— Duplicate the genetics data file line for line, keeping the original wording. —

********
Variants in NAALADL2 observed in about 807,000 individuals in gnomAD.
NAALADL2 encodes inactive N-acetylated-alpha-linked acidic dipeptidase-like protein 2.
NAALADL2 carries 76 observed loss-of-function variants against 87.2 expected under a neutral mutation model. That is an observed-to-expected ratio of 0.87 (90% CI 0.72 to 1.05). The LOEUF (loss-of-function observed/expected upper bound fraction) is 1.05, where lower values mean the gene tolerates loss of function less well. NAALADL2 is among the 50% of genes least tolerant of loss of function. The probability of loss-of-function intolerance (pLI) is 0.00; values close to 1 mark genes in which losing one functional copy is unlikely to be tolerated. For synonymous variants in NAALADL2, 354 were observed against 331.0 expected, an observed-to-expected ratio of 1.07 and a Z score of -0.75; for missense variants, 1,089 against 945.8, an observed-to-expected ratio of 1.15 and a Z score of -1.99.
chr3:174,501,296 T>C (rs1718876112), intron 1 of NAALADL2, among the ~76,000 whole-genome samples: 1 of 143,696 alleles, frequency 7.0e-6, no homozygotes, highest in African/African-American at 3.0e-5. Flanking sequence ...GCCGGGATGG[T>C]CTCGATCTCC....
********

Variants in NAALADL2 observed in about 807,000 individuals in gnomAD.
NAALADL2 encodes inactive N-acetylated-alpha-linked acidic dipeptidase-like protein 2.
NAALADL2 carries 76 observed loss-of-function variants against 87.2 expected under a neutral mutation model. That is an observed-to-expected ratio of 0.87 (90% CI 0.72 to 1.05). The LOEUF (loss-of-function observed/expected upper bound fraction) is 1.05, where lower values mean the gene tolerates loss of function less well. NAALADL2 is among the 50% of genes least tolerant of loss of function. The probability of loss-of-function intolerance (pLI) is 0.00; values close to 1 mark genes in which losing one functional copy is unlikely to be tolerated. For synonymous variants in NAALADL2, 354 were observed against 331.0 expected, an observed-to-expected ratio of 1.07 and a Z score of -0.75; for missense variants, 1,089 against 945.8, an observed-to-expected ratio of 1.15 and a Z score of -1.99.
chr3:174,501,296 T>C (rs1718876112), intron 1 of NAALADL2, among the ~76,000 whole-genome samples: 1 of 143,696 alleles, frequency 7.0e-6, no homozygotes, highest in African/African-American at 3.0e-5. Flanking sequence ...GCCGGGATGG[T>C]CTCGATCTCC....